“Never Be Afraid of Other People”: Q&A with Arllin and Her Mentor, Nancy

Congratulations to the more than 800 iMentor NYC seniors who graduated from 13 high schools across the Bronx, Brooklyn, and Manhattan this June! We stand with your families, mentors, teachers and supporters in recognition of your accomplishments, and will be rooting for you as you start your next adventure.

Recently we spoke with Arllin, a senior at Marble Hill School for International Studies in Bronx, NY, and her mentor, Nancy Bravo, about their mentoring experience and the career path Arllin plans to pursue.

What are your plans for next year?

I’m going to City Tech to study radiology. This career path was interesting to me because I went to the doctor and they did an MRI and the radiologist was so nice and professional—the experience inspired me. I’m going to be the first generation from my family to be in college, so I’m excited and nervous.

How was the college process for you?

To be honest, it was stressful. But with my teachers’ and with Nancy’s support, it was less stressful. At first, I thought about going to a community college, but at the end decided to go to a four-year school, because I thought it was better to get a bachelor's degree.

How did your mentor help you?

She helped me to be less shy. When we went to a college fair, she was asking a lot of questions, and I said, well, if she's doing it, let me just try it. I tried speaking up by myself with teachers at school and with classmates. And today I feel like OK, I can do it.

What did you learn from your mentor?

What I learned was never be afraid of other people. That was my problem, being afraid. She told me to always ask questions if I want to get something, and to try if I want to accomplish something. At one of the iMentor meetings, we discussed job interviews and what I should do and say in an interview.

Nancy, how did you start connecting with Arllin?

I was born in the Dominican Republic, like Arllin. We connected right off the bat because of our shared cultural background. In terms of some new experiences that we shared, she had never gone far from Kingsbridge, where she lives in the Bronx. We went to NYU and explored Greenwich Village. We walked around Times Square.

How did you help Arllin during the college process?

Arllin’s made tremendous progress since the first day I met her. She was very shy and didn't speak a whole lot of English because that was [only] her second full year in the U.S. At the meetups we used to speak a lot in Spanish. I did that just so I could get my points across to her. I took her to a couple of college fairs at NYU, at Jacob Javits. At NYU they gave out these free SAT prep books that had sample multiple choice tests. I said, take this book and just do 10 questions a day over the summer.

Roll forward to September 2018, this school year, I said, wait, where’s the Arllin from last year? She came in, her English had improved so much that when I started talking in Spanish, she replied to me in English. She had learned so much over the summer. And her SAT scores increased enough that she was eligible to apply for certain CUNY four-year schools.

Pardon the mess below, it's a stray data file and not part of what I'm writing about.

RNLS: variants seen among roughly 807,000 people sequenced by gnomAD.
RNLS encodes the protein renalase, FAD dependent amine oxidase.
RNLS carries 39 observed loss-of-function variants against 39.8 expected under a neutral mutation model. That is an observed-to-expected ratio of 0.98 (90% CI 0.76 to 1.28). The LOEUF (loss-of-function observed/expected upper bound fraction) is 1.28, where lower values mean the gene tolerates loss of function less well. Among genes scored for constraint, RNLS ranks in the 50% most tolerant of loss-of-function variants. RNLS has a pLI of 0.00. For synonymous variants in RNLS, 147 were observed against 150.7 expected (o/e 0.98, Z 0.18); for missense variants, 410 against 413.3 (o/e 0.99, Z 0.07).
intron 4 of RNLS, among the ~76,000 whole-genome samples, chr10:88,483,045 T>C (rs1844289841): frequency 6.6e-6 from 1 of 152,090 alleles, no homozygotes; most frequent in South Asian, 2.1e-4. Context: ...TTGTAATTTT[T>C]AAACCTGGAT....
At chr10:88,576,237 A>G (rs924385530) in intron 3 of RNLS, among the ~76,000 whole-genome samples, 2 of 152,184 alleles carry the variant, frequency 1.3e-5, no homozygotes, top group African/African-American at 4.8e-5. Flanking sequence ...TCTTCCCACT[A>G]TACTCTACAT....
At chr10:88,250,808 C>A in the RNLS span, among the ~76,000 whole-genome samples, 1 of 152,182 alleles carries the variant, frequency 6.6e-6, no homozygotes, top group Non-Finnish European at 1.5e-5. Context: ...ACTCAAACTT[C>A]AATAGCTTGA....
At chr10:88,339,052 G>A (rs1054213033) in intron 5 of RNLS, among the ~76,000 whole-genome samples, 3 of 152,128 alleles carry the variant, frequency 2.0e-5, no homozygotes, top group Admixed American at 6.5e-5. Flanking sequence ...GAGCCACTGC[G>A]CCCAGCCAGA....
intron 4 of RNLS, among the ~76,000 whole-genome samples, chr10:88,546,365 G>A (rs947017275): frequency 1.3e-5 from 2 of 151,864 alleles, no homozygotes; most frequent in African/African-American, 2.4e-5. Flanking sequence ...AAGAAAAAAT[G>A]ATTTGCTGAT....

How did you support your mentee with selecting a college?

I was leading her to schools that were closer to her in the Bronx, but they happened to be community schools. She was accepted to Bronx Community College and City Tech in Brooklyn, and I said, this is great that you have these two colleges—are you sure you would want to go to City Tech? You have to do a trial run so you know how long the commute takes. She did, and she ended up picking City Tech. I was very surprised. I said, you blew me away with this decision. She said, I'm not afraid of a long commute, because I'd rather go to four-year school. I said, I'm glad you didn't listen to me.

What are you proudest of your mentee for?

Her personal growth from a shy, timid girl to a very confident woman. She learned enough English so that she converses very confidently. She got out of her shell, participated in the senior fashion show, and got involved with extracurricular activities. She's more than just a student—she's interacting with people, she plays sports, she is confident enough to travel by herself.

What's been the best part of being a mentor?

I learned that I can make a difference. I don’t have kids, but I was always busy and there were so many times I wanted to sign up to volunteer but never went through. I learned that it doesn't really take that much of your time to make a huge difference in somebody else's life. Just two hours a month to connect face to face with a high school student. And yet, it can make such a huge difference in somebody else's life.

Read more success stories featuring iMentor students. Learn about becoming a mentor in Baltimore, the Bay Area, Chicago, and New York.